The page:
A recent study in the journal Cancer Discovery found that inhaling harmful microbes may contribute to advanced-stage lung cancer in adults. Long-term use of face masks may contribute to the proliferation of these dangerous pathogens.
Microbiologists agree that frequent mask-wearing creates a moist environment where microbes can grow and multiply before entering the lungs. These foreign microbes then travel down the trachea and into two tubes called bronchi until they reach small air sacs covered with blood vessels called alveoli.
“The lungs have long been considered sterile, but we now know that oral commensals – microbes that normally reside in the mouth – often enter the lungs through unknowing aspiration.” – Leopoldo Segal, study author and director of the Lung Microbiome Program and associate professor of medicine at New York University Grossman School of Medicine.
According to the study, after entering the lungs, these microbes cause an inflammatory response in proteins known as cytokine IL-17.
“Given the known effects of IL-17 and inflammation on lung cancer, we were interested in determining whether the accumulation of oral commensals in the lung could drive IL-17-type inflammation and impact lung cancer progression and prognosis,” Segal said.
Analyzing the lung microbiota of 83 untreated adults with lung cancer, the research team discovered that colonies of Veillonella, Prevotella, and Streptococcus bacteria, which may be cultured by prolonged mask wear, are present in greater amounts in patients with advanced-stage lung cancer than in earlier stages. The presence of these bacterial cultures is also associated with lower survival and increased tumor growth, regardless of stage.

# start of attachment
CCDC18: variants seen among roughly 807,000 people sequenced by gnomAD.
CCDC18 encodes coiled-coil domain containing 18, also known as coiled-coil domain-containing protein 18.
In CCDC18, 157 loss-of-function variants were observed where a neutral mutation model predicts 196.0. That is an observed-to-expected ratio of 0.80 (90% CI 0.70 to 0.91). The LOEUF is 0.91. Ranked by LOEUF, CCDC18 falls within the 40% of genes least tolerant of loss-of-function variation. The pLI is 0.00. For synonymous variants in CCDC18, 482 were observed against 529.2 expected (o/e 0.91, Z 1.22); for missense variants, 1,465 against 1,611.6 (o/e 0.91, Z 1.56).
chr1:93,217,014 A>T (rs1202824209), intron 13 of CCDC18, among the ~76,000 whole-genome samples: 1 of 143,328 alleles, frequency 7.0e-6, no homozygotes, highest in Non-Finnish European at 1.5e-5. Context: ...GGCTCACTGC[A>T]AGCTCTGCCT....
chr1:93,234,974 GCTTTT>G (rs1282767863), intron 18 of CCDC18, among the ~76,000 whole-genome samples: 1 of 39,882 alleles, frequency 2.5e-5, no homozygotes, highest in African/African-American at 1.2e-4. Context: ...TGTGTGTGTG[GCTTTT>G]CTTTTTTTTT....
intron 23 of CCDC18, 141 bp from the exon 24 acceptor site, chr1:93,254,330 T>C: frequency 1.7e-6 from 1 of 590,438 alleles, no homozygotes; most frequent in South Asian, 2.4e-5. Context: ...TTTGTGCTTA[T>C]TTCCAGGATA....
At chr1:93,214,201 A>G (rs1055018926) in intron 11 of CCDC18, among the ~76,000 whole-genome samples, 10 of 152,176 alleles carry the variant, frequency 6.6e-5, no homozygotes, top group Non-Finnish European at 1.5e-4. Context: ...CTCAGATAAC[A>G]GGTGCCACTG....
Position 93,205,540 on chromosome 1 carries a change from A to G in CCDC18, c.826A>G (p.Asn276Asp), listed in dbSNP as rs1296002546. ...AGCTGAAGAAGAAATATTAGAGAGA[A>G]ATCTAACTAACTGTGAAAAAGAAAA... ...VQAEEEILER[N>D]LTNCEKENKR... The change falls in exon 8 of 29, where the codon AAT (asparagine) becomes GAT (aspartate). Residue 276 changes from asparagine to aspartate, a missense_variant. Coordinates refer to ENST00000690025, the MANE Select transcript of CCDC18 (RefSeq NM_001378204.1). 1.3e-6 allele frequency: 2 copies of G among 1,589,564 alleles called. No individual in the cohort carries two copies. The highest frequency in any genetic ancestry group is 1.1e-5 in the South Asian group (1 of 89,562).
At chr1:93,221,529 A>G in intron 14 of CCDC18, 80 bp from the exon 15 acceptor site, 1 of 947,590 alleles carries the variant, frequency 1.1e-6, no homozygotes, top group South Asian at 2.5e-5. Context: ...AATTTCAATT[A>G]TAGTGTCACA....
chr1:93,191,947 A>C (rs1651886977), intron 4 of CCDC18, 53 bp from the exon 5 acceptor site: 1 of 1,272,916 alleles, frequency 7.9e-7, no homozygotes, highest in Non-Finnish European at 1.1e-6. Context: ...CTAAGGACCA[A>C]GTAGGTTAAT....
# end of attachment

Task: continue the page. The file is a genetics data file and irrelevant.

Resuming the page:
Coronavirus mask mandates: science or political dogma?
In addition, studies on the cultivation of Veillonella bacteria in the lungs of mice have shown that the presence of such bacteria leads to the development of immune suppressive as well as inflammatory cells such as the cytokine IL-17.
“Given the results of our study, it is possible that changes in the lung microbiome could be used as biomarkers to predict prognosis or stratify patients for treatment.” – Leopoldo Segal
As more evidence emerges about the long-term effects of mandatory masks and lockdowns, doctors and scientists are beginning to rethink whether these authoritarian measures really do more good than harm. A Canadian health expert named Dr. Aji Joffe found in a related study that lockdowns do “at least ten times” more harm than good.
In a recent working paper by researchers at Harvard, Duke, and John Hopkins Universities, the scientists concluded that “for the population as a whole, the increase in mortality following the COVID-19 pandemic translates into staggering numbers of 0.89 and 1.37 million additional deaths over the next 15 and 20 years, respectively.”
Since the beginning of forced mask wearing, dermatologists have coined the term “maskne” to describe the appearance of pimples near the mouth caused by masks clogging pores with oil and bacteria. This can be caused by both disposable and cloth masks.
Dentists have also warned of a phenomenon known as “mask mouth”, where patients come to the dentist’s office with an increase in gingivitis and tooth decay of up to 50 % within a few months since the mask requirement began.